Browse Prior Art Database

Memory Architecture Supporting Two 8-Bit/Pel Images or One 16-Bit/Pel Image

IP.com Disclosure Number: IPCOM000036315D
Original Publication Date: 1989-Sep-01
Included in the Prior Art Database: 2005-Jan-28
Document File: 2 page(s) / 44K

Publishing Venue

IBM

Related People

Flurry, GA: AUTHOR [+4]

Abstract

The architecture disclosed herein provides a selectable logical memory width so that the memory space can be used to store a single 16-bit/ pel image, or the memory array can be effectively split into two portions to allow storage of two separate 8-bit/pel images. The architecture also provides a secondary serial video port to allow easy access to the scanline pel data from either of the two 8-bit images or from the 16-bit image. (Image Omitted)

This text was extracted from a PDF file.
At least one non-text object (such as an image or picture) has been suppressed.
This is the abbreviated version, containing approximately 56% of the total text.

Page 1 of 2

Memory Architecture Supporting Two 8-Bit/Pel Images or One 16-Bit/Pel Image

The architecture disclosed herein provides a selectable logical memory width so that the memory space can be used to store a single 16-bit/ pel image, or the memory array can be effectively split into two portions to allow storage of two separate 8-bit/pel images. The architecture also provides a secondary serial video port to allow easy access to the scanline pel data from either of the two 8- bit images or from the 16-bit image.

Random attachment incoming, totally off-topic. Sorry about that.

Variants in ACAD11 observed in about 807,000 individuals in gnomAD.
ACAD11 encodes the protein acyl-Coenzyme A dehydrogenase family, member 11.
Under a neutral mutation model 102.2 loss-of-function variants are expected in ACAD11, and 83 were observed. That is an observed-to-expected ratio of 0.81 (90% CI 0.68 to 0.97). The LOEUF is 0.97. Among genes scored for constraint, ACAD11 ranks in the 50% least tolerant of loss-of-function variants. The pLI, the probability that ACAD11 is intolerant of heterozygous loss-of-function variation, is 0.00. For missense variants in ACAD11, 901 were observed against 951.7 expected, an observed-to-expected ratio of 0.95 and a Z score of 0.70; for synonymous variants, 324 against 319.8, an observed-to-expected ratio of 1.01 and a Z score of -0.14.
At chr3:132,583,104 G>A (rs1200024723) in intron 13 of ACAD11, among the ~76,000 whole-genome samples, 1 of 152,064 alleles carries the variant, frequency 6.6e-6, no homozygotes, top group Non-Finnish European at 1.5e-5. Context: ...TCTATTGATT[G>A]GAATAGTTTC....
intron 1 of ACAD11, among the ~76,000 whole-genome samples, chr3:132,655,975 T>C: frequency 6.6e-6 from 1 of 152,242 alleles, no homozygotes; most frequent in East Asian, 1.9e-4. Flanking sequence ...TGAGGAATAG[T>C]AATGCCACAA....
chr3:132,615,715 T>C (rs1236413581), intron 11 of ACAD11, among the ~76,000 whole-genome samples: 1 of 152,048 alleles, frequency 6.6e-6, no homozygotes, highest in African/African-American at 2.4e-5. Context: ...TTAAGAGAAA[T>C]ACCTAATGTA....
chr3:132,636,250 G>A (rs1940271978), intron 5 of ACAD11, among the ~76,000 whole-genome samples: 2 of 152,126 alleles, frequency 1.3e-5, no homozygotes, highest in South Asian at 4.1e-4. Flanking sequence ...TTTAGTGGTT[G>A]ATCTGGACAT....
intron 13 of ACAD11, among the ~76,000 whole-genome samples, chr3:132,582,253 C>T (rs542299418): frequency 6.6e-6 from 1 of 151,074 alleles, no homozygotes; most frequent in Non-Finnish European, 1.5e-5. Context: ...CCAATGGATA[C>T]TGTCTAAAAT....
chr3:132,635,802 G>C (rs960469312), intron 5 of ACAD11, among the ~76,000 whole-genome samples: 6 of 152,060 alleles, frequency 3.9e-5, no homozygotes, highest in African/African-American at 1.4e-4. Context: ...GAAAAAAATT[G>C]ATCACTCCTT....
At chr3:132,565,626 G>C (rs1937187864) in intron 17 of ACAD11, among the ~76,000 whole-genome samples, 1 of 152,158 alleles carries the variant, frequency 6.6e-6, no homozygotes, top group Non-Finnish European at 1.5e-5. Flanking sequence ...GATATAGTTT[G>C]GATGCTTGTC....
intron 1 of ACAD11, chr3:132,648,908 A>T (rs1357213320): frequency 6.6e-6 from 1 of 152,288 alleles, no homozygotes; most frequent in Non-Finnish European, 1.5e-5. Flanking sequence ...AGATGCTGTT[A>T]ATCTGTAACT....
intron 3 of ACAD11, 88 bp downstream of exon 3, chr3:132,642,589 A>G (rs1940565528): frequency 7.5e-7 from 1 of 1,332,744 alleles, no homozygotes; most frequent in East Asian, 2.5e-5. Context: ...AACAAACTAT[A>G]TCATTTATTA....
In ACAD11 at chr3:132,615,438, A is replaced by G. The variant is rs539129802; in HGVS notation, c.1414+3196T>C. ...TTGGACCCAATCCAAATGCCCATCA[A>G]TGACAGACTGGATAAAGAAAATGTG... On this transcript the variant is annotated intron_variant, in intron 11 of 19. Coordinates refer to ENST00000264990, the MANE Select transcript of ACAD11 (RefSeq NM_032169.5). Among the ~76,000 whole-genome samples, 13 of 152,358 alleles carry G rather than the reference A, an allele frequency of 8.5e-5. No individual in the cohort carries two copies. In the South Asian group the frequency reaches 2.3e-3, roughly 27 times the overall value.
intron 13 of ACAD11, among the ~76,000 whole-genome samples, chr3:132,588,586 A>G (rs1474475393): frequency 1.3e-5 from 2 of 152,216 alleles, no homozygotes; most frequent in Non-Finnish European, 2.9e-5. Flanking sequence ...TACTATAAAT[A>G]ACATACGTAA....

(Image Omitted)

The memory architecture shown in Fig. 3 employs a memory array with one megabyte of storage. But a mode bit 1K/2K allows the memory space to be logically configured as one of two different widths, either one array which is 2048 X 512 X 8 or two arrays (banks) which are 1024 X 512 X 8. In the 1K mode two 8-bit/pel images can be stored, and in the 2K mode one 16-bit/pel image can be stored.

Fig. 1 shows how an 8-bit/pel image is stored in the memory arrays. The first number inside the boxes indicates the scan line, and the second number indicates the pel on that scanline. Outside of the memory unit boxes is labeled the corresponding row and column address for the memory units. Fig. 2 shows how a 16-bit/pel image is stored. The H and L indicate the high and low 8 bits of the pel.

(Image Omitted)

A physical diagram of the memory architecture is shown in Fig. 3. Block 2 in Fig. 3 converts an 18-bit linear address (linear update address lines) into a t...